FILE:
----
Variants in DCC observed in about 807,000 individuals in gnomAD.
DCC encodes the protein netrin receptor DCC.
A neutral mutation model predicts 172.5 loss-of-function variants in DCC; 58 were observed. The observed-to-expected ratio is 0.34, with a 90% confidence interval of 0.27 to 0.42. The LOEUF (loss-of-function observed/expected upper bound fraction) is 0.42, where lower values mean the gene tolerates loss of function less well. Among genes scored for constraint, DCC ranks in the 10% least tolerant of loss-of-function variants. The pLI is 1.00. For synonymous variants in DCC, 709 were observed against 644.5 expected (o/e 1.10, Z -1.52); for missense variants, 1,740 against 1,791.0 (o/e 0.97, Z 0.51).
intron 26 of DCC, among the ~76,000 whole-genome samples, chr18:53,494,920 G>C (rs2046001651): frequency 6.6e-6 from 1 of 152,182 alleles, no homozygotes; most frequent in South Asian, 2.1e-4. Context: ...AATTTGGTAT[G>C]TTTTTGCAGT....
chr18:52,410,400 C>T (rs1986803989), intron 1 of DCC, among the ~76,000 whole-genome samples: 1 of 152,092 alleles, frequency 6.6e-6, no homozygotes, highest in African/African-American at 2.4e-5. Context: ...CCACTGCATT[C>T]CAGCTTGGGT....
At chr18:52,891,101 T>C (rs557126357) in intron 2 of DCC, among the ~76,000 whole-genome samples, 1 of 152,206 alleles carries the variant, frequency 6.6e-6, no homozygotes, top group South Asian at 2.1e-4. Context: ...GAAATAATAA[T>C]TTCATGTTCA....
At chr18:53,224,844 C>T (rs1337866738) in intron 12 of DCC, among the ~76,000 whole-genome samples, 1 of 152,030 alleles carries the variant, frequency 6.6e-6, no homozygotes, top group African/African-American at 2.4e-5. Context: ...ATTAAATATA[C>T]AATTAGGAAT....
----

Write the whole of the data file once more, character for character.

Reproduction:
Variants in DCC observed in about 807,000 individuals in gnomAD.
DCC encodes the protein netrin receptor DCC.
A neutral mutation model predicts 172.5 loss-of-function variants in DCC; 58 were observed. The observed-to-expected ratio is 0.34, with a 90% confidence interval of 0.27 to 0.42. The LOEUF (loss-of-function observed/expected upper bound fraction) is 0.42, where lower values mean the gene tolerates loss of function less well. Among genes scored for constraint, DCC ranks in the 10% least tolerant of loss-of-function variants. The pLI is 1.00. For synonymous variants in DCC, 709 were observed against 644.5 expected (o/e 1.10, Z -1.52); for missense variants, 1,740 against 1,791.0 (o/e 0.97, Z 0.51).
intron 26 of DCC, among the ~76,000 whole-genome samples, chr18:53,494,920 G>C (rs2046001651): frequency 6.6e-6 from 1 of 152,182 alleles, no homozygotes; most frequent in South Asian, 2.1e-4. Context: ...AATTTGGTAT[G>C]TTTTTGCAGT....
chr18:52,410,400 C>T (rs1986803989), intron 1 of DCC, among the ~76,000 whole-genome samples: 1 of 152,092 alleles, frequency 6.6e-6, no homozygotes, highest in African/African-American at 2.4e-5. Context: ...CCACTGCATT[C>T]CAGCTTGGGT....
At chr18:52,891,101 T>C (rs557126357) in intron 2 of DCC, among the ~76,000 whole-genome samples, 1 of 152,206 alleles carries the variant, frequency 6.6e-6, no homozygotes, top group South Asian at 2.1e-4. Context: ...GAAATAATAA[T>C]TTCATGTTCA....
At chr18:53,224,844 C>T (rs1337866738) in intron 12 of DCC, among the ~76,000 whole-genome samples, 1 of 152,030 alleles carries the variant, frequency 6.6e-6, no homozygotes, top group African/African-American at 2.4e-5. Context: ...ATTAAATATA[C>T]AATTAGGAAT....